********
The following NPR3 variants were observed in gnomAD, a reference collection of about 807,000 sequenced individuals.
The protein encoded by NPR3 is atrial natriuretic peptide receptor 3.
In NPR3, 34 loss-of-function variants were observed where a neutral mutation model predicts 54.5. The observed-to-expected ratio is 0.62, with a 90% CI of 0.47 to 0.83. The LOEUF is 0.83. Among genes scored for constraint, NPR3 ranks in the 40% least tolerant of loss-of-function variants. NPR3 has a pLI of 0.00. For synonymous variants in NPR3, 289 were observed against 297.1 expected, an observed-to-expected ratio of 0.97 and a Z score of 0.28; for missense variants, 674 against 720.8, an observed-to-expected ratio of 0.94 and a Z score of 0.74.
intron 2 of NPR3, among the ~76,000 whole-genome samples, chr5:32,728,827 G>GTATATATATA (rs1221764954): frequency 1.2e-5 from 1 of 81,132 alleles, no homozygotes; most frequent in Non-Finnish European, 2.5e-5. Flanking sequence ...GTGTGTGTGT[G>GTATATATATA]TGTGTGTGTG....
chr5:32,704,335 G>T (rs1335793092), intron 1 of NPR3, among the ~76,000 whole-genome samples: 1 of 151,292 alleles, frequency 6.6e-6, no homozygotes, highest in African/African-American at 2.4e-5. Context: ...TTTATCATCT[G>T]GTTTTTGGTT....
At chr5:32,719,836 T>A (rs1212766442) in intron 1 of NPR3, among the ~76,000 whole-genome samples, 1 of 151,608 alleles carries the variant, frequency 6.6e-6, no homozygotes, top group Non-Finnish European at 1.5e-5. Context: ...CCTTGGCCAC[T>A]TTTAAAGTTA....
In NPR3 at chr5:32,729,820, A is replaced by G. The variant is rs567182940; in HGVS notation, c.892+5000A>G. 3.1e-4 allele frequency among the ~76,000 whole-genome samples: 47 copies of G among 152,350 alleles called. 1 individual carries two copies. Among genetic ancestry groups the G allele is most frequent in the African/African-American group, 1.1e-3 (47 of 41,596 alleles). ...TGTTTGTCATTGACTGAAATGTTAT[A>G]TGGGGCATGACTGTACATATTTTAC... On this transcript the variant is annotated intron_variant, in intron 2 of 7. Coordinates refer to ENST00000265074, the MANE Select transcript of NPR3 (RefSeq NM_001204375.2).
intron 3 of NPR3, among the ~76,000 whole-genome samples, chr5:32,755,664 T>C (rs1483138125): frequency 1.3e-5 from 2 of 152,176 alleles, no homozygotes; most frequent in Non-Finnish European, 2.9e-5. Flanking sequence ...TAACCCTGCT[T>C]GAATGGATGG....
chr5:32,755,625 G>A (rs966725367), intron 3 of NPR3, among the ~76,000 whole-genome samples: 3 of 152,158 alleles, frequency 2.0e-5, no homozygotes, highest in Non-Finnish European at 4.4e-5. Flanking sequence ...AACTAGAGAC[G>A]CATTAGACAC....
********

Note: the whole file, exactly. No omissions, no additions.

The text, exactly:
The following NPR3 variants were observed in gnomAD, a reference collection of about 807,000 sequenced individuals.
The protein encoded by NPR3 is atrial natriuretic peptide receptor 3.
In NPR3, 34 loss-of-function variants were observed where a neutral mutation model predicts 54.5. The observed-to-expected ratio is 0.62, with a 90% CI of 0.47 to 0.83. The LOEUF is 0.83. Among genes scored for constraint, NPR3 ranks in the 40% least tolerant of loss-of-function variants. NPR3 has a pLI of 0.00. For synonymous variants in NPR3, 289 were observed against 297.1 expected, an observed-to-expected ratio of 0.97 and a Z score of 0.28; for missense variants, 674 against 720.8, an observed-to-expected ratio of 0.94 and a Z score of 0.74.
intron 2 of NPR3, among the ~76,000 whole-genome samples, chr5:32,728,827 G>GTATATATATA (rs1221764954): frequency 1.2e-5 from 1 of 81,132 alleles, no homozygotes; most frequent in Non-Finnish European, 2.5e-5. Flanking sequence ...GTGTGTGTGT[G>GTATATATATA]TGTGTGTGTG....
chr5:32,704,335 G>T (rs1335793092), intron 1 of NPR3, among the ~76,000 whole-genome samples: 1 of 151,292 alleles, frequency 6.6e-6, no homozygotes, highest in African/African-American at 2.4e-5. Context: ...TTTATCATCT[G>T]GTTTTTGGTT....
At chr5:32,719,836 T>A (rs1212766442) in intron 1 of NPR3, among the ~76,000 whole-genome samples, 1 of 151,608 alleles carries the variant, frequency 6.6e-6, no homozygotes, top group Non-Finnish European at 1.5e-5. Context: ...CCTTGGCCAC[T>A]TTTAAAGTTA....
In NPR3 at chr5:32,729,820, A is replaced by G. The variant is rs567182940; in HGVS notation, c.892+5000A>G. 3.1e-4 allele frequency among the ~76,000 whole-genome samples: 47 copies of G among 152,350 alleles called. 1 individual carries two copies. Among genetic ancestry groups the G allele is most frequent in the African/African-American group, 1.1e-3 (47 of 41,596 alleles). ...TGTTTGTCATTGACTGAAATGTTAT[A>G]TGGGGCATGACTGTACATATTTTAC... On this transcript the variant is annotated intron_variant, in intron 2 of 7. Coordinates refer to ENST00000265074, the MANE Select transcript of NPR3 (RefSeq NM_001204375.2).
intron 3 of NPR3, among the ~76,000 whole-genome samples, chr5:32,755,664 T>C (rs1483138125): frequency 1.3e-5 from 2 of 152,176 alleles, no homozygotes; most frequent in Non-Finnish European, 2.9e-5. Flanking sequence ...TAACCCTGCT[T>C]GAATGGATGG....
chr5:32,755,625 G>A (rs966725367), intron 3 of NPR3, among the ~76,000 whole-genome samples: 3 of 152,158 alleles, frequency 2.0e-5, no homozygotes, highest in Non-Finnish European at 4.4e-5. Flanking sequence ...AACTAGAGAC[G>A]CATTAGACAC....